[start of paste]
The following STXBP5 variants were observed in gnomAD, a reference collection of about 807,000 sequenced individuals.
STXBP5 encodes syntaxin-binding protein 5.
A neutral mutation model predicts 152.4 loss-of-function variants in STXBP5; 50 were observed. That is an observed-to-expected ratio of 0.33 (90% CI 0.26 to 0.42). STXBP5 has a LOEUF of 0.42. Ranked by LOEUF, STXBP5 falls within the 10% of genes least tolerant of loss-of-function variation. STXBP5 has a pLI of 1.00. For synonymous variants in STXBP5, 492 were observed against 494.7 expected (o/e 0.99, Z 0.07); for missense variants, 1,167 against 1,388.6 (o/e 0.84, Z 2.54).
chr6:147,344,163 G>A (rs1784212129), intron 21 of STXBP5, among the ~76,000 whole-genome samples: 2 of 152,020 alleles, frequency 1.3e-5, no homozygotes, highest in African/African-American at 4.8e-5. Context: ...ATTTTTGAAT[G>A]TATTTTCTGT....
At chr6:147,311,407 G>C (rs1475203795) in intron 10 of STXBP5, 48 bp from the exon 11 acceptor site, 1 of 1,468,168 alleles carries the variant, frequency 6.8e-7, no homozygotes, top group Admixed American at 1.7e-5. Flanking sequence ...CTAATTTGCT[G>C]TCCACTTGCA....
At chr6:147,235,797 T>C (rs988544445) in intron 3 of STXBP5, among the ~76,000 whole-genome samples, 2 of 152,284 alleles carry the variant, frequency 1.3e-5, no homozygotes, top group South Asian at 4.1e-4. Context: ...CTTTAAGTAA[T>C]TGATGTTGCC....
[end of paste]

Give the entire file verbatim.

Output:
The following STXBP5 variants were observed in gnomAD, a reference collection of about 807,000 sequenced individuals.
STXBP5 encodes syntaxin-binding protein 5.
A neutral mutation model predicts 152.4 loss-of-function variants in STXBP5; 50 were observed. That is an observed-to-expected ratio of 0.33 (90% CI 0.26 to 0.42). STXBP5 has a LOEUF of 0.42. Ranked by LOEUF, STXBP5 falls within the 10% of genes least tolerant of loss-of-function variation. STXBP5 has a pLI of 1.00. For synonymous variants in STXBP5, 492 were observed against 494.7 expected (o/e 0.99, Z 0.07); for missense variants, 1,167 against 1,388.6 (o/e 0.84, Z 2.54).
chr6:147,344,163 G>A (rs1784212129), intron 21 of STXBP5, among the ~76,000 whole-genome samples: 2 of 152,020 alleles, frequency 1.3e-5, no homozygotes, highest in African/African-American at 4.8e-5. Context: ...ATTTTTGAAT[G>A]TATTTTCTGT....
At chr6:147,311,407 G>C (rs1475203795) in intron 10 of STXBP5, 48 bp from the exon 11 acceptor site, 1 of 1,468,168 alleles carries the variant, frequency 6.8e-7, no homozygotes, top group Admixed American at 1.7e-5. Flanking sequence ...CTAATTTGCT[G>C]TCCACTTGCA....
At chr6:147,235,797 T>C (rs988544445) in intron 3 of STXBP5, among the ~76,000 whole-genome samples, 2 of 152,284 alleles carry the variant, frequency 1.3e-5, no homozygotes, top group South Asian at 4.1e-4. Context: ...CTTTAAGTAA[T>C]TGATGTTGCC....